Posts Tagged ‘change’

Save tomorrow, today.

October 6, 2011

I remember some years ago, I was working a PR campaign for the U.S. Coast Guard.

Because of some unimaginably high adult drowning statistic, we were tasked with trying to come up ways to get more people to wear life jackets. At some point, during these meetings, we concluded that we would just give up trying to teach adults a common sense lesson that could save their lives, despite the stats.

So, we stopped counting beans, and we started planting seeds.

We went into schools, and took our message to the kids. In turn, the kids took the message home – and in years that followed, the drowning numbers dropped. Moreover, these children will carry that message with them throughout their whole lives.

Today, as adults – for all of us seeking change – I suggest we forget trying to enlighten Congress. Let’s give up on imploring Wall Street. Instead, let’s take our message home, to our kids, and teach them what it means to be an honest, compassionate, generous and kind citizen. And let’s teach them that it’s good to plant shade trees, even under which we know we’ll never sit.

Change your ways, change a diaper

January 10, 2010

I changed our two-year old son’s diaper Saturday.

No sweat. Piece of cake.

Easiest thing I’ve ever done.

OK, maybe that’s a stretch, but really, as I┬ámarveled at the ease of it all, I had a flashback of how nearly impossible the same task was with our older son when he was that age.

And although the boys are as different as night and day, I think the biggest change the second time around is in me.

With the first son, everything – whether eating, changing diapers, going to bed – everything ended up being a battle of wills and patience.

A battle I rarely, if ever, won.

When he needed his diaper changed, he’d protest. So began the routine: I’d chase him around the house, get him, and hold him down with one hand while trying to to unfurl a baby wipe with the other. All the while, he’d kick and laugh or cry and scream and make a mess.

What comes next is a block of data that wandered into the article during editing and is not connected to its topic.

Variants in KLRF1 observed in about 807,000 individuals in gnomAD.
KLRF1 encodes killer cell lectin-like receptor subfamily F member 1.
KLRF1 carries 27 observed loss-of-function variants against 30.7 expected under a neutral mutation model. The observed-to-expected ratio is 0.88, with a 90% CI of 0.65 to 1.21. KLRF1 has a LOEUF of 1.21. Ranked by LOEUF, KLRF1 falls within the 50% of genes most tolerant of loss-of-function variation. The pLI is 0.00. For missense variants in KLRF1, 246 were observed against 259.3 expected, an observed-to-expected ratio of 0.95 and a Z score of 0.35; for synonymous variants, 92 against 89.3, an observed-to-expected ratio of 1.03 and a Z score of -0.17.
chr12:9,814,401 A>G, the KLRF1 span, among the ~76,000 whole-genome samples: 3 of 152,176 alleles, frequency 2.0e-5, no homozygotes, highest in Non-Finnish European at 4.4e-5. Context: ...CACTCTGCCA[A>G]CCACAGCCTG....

I’d yell and eventually we’d both end up pretty sour over the whole ordeal.

It was this way with every diaper.

I, like so many first-time dads, began to loath the thought of changing him. Each time I’d see him with that, “I’m-gonna-have-a-big-one-here-in-a-minute.” face, I’d feel my back muscles tighten with stress.

Thankfully, no storm lasts forever, and eventually he grew out of diapers.

The thing I’ve learned with our second child, that I wished I knew with our first, is that kids are, well, more easily tricked than forced and a little distraction does what no amount of force can. It gets the job done easily.

Now, more than two years later, moments before changing the little brother’s diaper, rather than preparing for a wrestling match, I’m thinking, “Let’s see … what do I have laying around here that will distract him long enough for me to get him into a fresh set of Huggies?”

Saturday morning, it was as simple as a plastic case from a camcorder cassette tape on a nearby shelf. I got his attention, opened and closed the plastic case a few times to show him what it does, and walked over and handed it to him in the living room.

He started to examine it like a lab technician.

As he did, I laid him down slowly and without a struggle, I had his diaper changed before he even knew what happened.

Getting the cassette case back … well that’s a different story.